2 The Conquests of Alexander the Great 1. Alexander's army of 37,000 and cavalry of 5,000 had little trouble with the Persians at the battles of Granicus River in 334 B.C. and Issus in 333 B.C. Before pursuing Darius III ( B.C.), Alexander had to gain the Syrian coast and Egypt in order to cut off the Persian navy from its ports and secure his rear from disloyal elements in Greece. The most strategic point was the port of Tyre. Although it was well fortified, the city fell after a siege of seven months. Tyre was recolonized and became the center of Alexander's control of the Syrian coast. 2. Alexander's dream of Hellenization found realization in the creation of Alexandria in Egypt as the center of Greek commerce and culture. The city was built on a narrow spit of land between a lake and the sea. The lake harbor connected with the Nile while the Mediterranean port was protected from the sea by an island. The city was thus a link between the valley of the Nile and the Mediterranean. Moreover, a canal previously built by the Egyptians connecting the Nile and the Red Sea provided access to the trade of Arabia and the Far East. At such a crossroad, the population of Alexandria blossomed and by the first century B.C. the city had half a million inhabitants. 4. According to legend, at Siwah the oracle of Zeus-Amon addressed Alexander as "son of Amon", thereby suggesting divine status. 5. Darius had chosen as the place to meet Alexander a great wide plain on the left bank of the Tigris River. Coming from Tyre, Alexander's army met the Persian force at Gaugamela in 331 B.C., defeating it as Darius fled the field. Alexander proclaimed himself the king of Asia. 6. At Persepolis, the third great capital of the Persian Empire (Babylon and Susa the other two), Alexander passed the winter of B.C. According to Plutarch, the booty taken here loaded 10,000 mules and 5,000 camels. The city was burned in revenge for the aggression of Xerxes against Greece in the sixth century B.C. 7. Entering into India in 326 B.C., Alexander met a formidable army at the Hydaspes River. Emerging victorious, he founded the new city of Bucephala named in honor of his beloved horse which had died. 8. The circuit of the Persian Empire was completed in 326 B.C. when Alexander's troops rebelled at going on any further. They had been away eight and a half long years and had traveled 11,000 miles. Reluctantly, Alexander acceded and the force struck out from the Indus to the mouth of the Persian Gulf across the bleak coast of the Gedrosian Desert. The journey cost nearly half his force of 30,000 men. Alexander then proceeded to Persepolis and then to Babylon where he died of a fever in 323 B.C. at the age of thirty-two. 9. It is estimated that Alexander in the course of his conquests summoned 60,000 to 65,000 additional mercenaries from Greece. At least 36,000 became residents of the garrisons and new cities, thereby serving as agents for the diffusion of Greek culture. Questions: 1. How did Greek ideas penetrate the East? 2. How did cities act as a catalyst for the Hellenistic Age? The Conquests of Alexander the Great 1. Alexander's army of 37,000 and cavalry of 5,000 had little trouble with the Persians at the battles of Granicus River in 334 B.C. and Issus in 333 B.C. Before pursuing Darius III ( B.C.), Alexander had to gain the Syrian coast and Egypt in order to cut off the Persian navy from its ports and secure his rear from disloyal elements in Greece. The most strategic point was the port of Tyre. Although it was well fortified, the city fell after a siege of seven months. Tyre was recolonized and became the center of Alexander's control of the Syrian coast. 2. Alexander's dream of Hellenization found realization in the creation of Alexandria in Egypt as the center of Greek commerce and culture. The city was built on a narrow spit of land between a lake and the sea. The lake harbor connected with the Nile while the Mediterranean port was protected from the sea by an island. The city was thus a link between the valley of the Nile and the Mediterranean. Moreover, a canal previously built by the Egyptians connecting the Nile and the Red Sea provided access to the trade of Arabia and the Far East. At such a crossroad, the population of Alexandria blossomed and by the first century B.C. the city had half a million inhabitants. 4. According to legend, at Siwah the oracle of Zeus-Amon addressed Alexander as "son of Amon", thereby suggesting divine status. 5. Darius had chosen as the place to meet Alexander a great wide plain on the left bank of the Tigris River. Coming from Tyre, Alexander's army met the Persian force at Gaugamela in 331 B.C., defeating it as Darius fled the field. Alexander proclaimed himself the king of Asia. 6. At Persepolis, the third great capital of the Persian Empire (Babylon and Susa the other two), Alexander passed the winter of B.C. According to Plutarch, the booty taken here loaded 10,000 mules and 5,000 camels. The city was burned in revenge for the aggression of Xerxes against Greece in the sixth century B.C. 7. Entering into India in 326 B.C., Alexander met a formidable army at the Hydaspes River. Emerging victorious, he founded the new city of Bucephala named in honor of his beloved horse which had died. 8. The circuit of the Persian Empire was completed in 326 B.C. when Alexander's troops rebelled at going on any further. They had been away eight and a half long years and had traveled 11,000 miles. Reluctantly, Alexander acceded and the force struck out from the Indus to the mouth of the Persian Gulf across the bleak coast of the Gedrosian Desert. The journey cost nearly half his force of 30,000 men. Alexander then proceeded to Persepolis and then to Babylon where he died of a fever in 323 B.C. at the age of thirty-two. 9. It is estimated that Alexander in the course of his conquests summoned 60,000 to 65,000 additional mercenaries from Greece. At least 36,000 became residents of the garrisons and new cities, thereby serving as agents for the diffusion of Greek culture. Questions: 1. How did Greek ideas penetrate the East? 2. How did cities act as a catalyst for the Hellenistic Age?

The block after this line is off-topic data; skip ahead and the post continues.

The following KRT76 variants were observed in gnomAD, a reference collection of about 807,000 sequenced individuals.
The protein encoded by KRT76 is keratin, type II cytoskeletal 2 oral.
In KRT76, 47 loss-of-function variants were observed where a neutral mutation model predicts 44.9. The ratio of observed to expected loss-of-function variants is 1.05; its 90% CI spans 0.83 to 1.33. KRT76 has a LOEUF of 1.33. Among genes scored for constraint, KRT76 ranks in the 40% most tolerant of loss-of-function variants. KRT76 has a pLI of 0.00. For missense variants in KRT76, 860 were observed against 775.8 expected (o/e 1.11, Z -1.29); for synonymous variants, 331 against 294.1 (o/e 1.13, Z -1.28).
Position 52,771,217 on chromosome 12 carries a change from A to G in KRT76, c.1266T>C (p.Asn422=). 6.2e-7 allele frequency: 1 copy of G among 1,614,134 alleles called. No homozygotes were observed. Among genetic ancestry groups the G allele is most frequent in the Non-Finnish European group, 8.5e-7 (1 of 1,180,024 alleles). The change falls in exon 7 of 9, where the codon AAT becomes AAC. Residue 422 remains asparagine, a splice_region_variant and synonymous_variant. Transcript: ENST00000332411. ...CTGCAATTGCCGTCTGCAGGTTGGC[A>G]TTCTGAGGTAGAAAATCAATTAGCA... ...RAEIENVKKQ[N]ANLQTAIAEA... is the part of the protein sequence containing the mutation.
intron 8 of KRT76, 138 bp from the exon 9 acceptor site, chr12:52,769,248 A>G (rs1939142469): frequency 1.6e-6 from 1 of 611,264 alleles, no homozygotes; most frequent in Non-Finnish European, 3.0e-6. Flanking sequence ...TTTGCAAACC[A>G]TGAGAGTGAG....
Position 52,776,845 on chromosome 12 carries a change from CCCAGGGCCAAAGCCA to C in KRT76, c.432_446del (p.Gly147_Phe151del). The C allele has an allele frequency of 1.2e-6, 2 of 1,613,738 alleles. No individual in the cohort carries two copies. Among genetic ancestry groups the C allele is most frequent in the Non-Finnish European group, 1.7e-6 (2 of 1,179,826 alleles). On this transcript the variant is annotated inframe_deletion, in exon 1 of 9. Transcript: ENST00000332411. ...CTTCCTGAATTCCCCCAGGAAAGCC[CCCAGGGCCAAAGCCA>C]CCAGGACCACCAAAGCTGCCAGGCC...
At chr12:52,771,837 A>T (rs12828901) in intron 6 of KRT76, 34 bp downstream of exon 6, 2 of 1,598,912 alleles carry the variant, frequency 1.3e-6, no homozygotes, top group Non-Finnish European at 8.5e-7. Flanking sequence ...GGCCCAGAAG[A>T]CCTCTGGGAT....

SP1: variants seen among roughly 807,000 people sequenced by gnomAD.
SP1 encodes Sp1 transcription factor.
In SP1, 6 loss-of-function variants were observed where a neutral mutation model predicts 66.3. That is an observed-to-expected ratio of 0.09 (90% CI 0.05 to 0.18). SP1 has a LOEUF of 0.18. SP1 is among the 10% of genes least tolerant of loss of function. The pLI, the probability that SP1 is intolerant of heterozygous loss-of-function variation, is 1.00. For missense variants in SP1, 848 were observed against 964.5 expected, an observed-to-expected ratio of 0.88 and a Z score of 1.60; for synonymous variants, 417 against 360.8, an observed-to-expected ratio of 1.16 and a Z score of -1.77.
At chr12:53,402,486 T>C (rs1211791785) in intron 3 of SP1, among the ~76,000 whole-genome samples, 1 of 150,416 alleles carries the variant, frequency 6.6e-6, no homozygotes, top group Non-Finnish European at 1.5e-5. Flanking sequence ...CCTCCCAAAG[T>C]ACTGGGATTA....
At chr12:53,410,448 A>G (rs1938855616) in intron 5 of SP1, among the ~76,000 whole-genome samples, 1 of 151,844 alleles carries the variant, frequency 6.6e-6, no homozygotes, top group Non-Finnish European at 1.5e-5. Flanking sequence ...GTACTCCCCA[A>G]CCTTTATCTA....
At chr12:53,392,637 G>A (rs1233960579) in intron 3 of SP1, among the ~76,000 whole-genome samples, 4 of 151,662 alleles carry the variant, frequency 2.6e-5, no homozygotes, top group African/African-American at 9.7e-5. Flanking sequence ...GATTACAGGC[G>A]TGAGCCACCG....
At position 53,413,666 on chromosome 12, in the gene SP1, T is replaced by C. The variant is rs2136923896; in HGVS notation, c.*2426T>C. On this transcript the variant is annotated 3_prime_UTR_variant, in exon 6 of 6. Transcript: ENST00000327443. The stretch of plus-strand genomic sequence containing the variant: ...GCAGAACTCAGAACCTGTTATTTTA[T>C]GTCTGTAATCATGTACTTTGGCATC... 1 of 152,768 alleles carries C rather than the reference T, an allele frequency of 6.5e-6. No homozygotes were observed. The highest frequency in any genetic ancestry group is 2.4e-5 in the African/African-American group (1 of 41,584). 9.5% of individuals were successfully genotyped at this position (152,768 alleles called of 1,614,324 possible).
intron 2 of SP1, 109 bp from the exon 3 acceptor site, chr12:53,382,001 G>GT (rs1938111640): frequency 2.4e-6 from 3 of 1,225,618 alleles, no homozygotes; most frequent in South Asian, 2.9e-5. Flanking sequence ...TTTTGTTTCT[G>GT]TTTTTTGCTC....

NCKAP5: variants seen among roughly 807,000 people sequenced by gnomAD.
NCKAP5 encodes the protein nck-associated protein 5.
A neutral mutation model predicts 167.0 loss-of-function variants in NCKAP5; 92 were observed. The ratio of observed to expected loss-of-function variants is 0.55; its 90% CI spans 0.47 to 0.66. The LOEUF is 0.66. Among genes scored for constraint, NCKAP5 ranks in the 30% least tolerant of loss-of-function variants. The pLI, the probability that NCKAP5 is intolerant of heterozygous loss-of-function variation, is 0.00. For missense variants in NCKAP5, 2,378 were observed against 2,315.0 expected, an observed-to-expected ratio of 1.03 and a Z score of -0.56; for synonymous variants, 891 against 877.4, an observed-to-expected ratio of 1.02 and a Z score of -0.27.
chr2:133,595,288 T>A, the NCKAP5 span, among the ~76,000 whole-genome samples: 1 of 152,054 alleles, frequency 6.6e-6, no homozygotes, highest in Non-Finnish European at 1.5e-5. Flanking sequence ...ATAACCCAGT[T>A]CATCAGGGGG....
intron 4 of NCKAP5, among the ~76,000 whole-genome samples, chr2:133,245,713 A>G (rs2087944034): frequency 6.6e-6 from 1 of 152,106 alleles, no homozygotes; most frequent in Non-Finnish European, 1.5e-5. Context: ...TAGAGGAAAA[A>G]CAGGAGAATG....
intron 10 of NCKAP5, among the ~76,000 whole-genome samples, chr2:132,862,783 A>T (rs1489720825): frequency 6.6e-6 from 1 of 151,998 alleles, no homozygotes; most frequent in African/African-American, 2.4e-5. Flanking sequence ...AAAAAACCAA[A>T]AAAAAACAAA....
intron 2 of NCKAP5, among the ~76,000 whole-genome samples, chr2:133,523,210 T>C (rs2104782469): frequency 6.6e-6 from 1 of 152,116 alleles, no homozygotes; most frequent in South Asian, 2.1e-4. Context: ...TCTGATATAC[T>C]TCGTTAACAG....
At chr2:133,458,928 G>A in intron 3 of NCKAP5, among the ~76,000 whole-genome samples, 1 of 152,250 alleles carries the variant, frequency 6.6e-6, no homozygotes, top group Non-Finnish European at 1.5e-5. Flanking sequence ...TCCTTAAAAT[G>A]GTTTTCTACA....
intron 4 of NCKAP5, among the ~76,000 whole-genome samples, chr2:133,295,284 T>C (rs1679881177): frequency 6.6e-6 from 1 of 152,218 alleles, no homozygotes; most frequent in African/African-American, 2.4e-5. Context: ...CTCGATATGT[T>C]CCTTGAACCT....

3 The Rise of Macedonia and the End of Hellenic Civilization King Philip II ( B.C.)  Battle of Chaeronea, 338 B.C.  Hegemon (leader) of Corinthian League Alexander the Great ( B.C.)  Attacks the Persian Empire  Battle of Granicus River, 334 B.C.  Battle of Issus, 333 B.C.  Battle of Gaugamela, 331 B.C.  Persepolis, 330 B.C.  Alexander in India, 327 B.C.  Gedrosian Desert  Death of Alexander, 323 B.C.